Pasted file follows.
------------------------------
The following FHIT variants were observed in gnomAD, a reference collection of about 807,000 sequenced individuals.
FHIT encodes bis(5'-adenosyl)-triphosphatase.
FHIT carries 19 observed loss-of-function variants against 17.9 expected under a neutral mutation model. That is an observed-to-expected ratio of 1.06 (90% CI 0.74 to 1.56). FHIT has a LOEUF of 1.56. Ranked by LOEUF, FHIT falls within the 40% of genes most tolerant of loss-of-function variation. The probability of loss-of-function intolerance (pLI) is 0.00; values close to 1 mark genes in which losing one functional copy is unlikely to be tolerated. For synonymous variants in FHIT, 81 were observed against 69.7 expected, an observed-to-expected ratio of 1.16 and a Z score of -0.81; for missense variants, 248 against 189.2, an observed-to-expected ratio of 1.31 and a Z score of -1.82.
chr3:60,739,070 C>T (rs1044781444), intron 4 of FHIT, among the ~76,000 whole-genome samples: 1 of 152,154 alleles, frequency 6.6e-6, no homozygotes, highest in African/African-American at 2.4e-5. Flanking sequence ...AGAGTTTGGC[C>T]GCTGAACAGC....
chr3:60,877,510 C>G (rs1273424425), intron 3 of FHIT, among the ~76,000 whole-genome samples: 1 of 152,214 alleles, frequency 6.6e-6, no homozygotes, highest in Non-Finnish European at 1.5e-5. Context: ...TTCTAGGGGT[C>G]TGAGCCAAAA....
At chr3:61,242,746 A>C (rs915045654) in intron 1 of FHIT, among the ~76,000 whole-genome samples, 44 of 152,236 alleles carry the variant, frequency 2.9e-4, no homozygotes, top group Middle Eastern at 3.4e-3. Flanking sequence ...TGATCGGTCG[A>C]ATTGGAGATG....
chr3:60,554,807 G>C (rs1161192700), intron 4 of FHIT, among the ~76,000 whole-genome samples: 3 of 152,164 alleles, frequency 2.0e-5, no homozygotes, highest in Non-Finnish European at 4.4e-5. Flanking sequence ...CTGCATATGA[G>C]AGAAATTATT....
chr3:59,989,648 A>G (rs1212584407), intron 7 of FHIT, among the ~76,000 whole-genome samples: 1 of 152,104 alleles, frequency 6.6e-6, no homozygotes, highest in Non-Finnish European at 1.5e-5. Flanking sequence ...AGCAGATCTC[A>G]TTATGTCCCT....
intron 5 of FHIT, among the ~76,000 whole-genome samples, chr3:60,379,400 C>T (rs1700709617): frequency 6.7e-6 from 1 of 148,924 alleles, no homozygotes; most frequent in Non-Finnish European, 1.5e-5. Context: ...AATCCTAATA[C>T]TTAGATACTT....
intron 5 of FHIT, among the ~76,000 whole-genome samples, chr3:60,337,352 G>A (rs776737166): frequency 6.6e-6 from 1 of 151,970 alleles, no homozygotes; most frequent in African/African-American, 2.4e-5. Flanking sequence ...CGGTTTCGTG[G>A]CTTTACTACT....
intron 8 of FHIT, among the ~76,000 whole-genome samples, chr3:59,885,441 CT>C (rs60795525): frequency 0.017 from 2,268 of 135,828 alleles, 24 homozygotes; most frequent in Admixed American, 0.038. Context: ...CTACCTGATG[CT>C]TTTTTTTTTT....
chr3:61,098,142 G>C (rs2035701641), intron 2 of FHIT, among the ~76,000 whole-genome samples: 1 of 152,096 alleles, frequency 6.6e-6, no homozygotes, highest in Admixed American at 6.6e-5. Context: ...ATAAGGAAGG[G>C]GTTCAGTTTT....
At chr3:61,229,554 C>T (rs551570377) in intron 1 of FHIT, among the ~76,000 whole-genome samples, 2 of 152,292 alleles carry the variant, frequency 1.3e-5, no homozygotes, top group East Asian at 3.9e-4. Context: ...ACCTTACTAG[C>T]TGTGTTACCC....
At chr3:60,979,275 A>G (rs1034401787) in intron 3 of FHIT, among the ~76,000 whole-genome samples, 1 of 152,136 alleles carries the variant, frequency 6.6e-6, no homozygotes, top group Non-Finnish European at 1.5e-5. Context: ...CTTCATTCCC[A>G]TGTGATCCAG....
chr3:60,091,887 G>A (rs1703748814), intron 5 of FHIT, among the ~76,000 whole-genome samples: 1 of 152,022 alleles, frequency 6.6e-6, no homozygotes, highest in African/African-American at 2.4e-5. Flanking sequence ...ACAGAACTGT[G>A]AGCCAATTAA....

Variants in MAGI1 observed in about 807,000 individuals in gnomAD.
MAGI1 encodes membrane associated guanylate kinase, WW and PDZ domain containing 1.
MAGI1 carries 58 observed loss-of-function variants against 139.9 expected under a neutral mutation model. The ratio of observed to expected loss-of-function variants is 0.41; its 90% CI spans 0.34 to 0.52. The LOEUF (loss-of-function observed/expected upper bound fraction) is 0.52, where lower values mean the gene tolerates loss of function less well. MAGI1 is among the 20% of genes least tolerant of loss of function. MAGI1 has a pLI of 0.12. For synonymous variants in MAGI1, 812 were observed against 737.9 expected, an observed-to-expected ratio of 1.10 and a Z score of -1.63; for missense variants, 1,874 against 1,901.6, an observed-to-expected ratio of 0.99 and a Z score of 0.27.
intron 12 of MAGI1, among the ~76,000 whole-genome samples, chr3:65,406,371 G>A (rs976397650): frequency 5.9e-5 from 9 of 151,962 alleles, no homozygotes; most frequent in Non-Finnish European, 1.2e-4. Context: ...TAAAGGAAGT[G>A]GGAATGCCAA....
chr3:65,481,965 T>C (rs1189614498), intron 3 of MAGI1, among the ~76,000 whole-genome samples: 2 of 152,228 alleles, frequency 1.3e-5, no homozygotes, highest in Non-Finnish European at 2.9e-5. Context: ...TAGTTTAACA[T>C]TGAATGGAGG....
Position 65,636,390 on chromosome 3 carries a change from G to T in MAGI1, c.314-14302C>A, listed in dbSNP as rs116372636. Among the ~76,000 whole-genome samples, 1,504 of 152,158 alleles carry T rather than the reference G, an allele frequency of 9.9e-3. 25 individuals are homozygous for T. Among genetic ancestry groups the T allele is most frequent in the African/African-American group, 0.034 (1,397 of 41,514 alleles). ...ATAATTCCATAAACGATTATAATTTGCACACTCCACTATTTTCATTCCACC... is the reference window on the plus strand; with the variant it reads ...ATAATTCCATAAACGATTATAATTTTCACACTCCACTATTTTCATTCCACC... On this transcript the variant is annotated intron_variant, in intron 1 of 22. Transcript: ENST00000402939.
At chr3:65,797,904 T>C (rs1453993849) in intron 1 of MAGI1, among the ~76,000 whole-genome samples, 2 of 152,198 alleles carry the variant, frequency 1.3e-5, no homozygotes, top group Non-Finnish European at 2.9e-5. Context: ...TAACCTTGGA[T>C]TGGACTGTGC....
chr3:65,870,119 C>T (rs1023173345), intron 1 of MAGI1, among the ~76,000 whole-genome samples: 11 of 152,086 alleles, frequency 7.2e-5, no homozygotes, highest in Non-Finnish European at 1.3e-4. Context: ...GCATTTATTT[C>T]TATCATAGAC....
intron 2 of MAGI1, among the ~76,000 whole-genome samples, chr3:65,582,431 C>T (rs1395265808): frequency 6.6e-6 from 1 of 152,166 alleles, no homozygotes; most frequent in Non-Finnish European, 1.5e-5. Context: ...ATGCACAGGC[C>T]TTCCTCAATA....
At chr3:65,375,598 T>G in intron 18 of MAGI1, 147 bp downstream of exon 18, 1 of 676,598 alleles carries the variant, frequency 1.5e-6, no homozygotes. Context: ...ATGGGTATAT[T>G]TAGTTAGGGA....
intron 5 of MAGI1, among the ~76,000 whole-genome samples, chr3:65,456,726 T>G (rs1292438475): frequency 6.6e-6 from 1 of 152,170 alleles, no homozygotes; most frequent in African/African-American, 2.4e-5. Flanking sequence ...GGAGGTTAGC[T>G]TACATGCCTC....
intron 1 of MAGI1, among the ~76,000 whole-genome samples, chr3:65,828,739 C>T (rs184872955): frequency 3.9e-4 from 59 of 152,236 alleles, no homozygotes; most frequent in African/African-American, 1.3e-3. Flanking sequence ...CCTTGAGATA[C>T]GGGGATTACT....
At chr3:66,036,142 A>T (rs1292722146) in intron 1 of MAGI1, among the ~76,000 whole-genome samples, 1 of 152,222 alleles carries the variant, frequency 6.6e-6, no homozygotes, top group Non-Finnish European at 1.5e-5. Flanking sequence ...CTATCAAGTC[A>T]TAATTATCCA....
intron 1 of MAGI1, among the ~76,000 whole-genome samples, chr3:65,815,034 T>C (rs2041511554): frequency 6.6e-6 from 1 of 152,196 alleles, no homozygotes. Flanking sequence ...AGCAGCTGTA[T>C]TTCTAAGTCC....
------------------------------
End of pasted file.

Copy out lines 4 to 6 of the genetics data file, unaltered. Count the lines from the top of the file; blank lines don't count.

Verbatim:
chr3:60,739,070 C>T (rs1044781444), intron 4 of FHIT, among the ~76,000 whole-genome samples: 1 of 152,154 alleles, frequency 6.6e-6, no homozygotes, highest in African/African-American at 2.4e-5. Flanking sequence ...AGAGTTTGGC[C>T]GCTGAACAGC....
chr3:60,877,510 C>G (rs1273424425), intron 3 of FHIT, among the ~76,000 whole-genome samples: 1 of 152,214 alleles, frequency 6.6e-6, no homozygotes, highest in Non-Finnish European at 1.5e-5. Context: ...TTCTAGGGGT[C>G]TGAGCCAAAA....
At chr3:61,242,746 A>C (rs915045654) in intron 1 of FHIT, among the ~76,000 whole-genome samples, 44 of 152,236 alleles carry the variant, frequency 2.9e-4, no homozygotes, top group Middle Eastern at 3.4e-3. Flanking sequence ...TGATCGGTCG[A>C]ATTGGAGATG....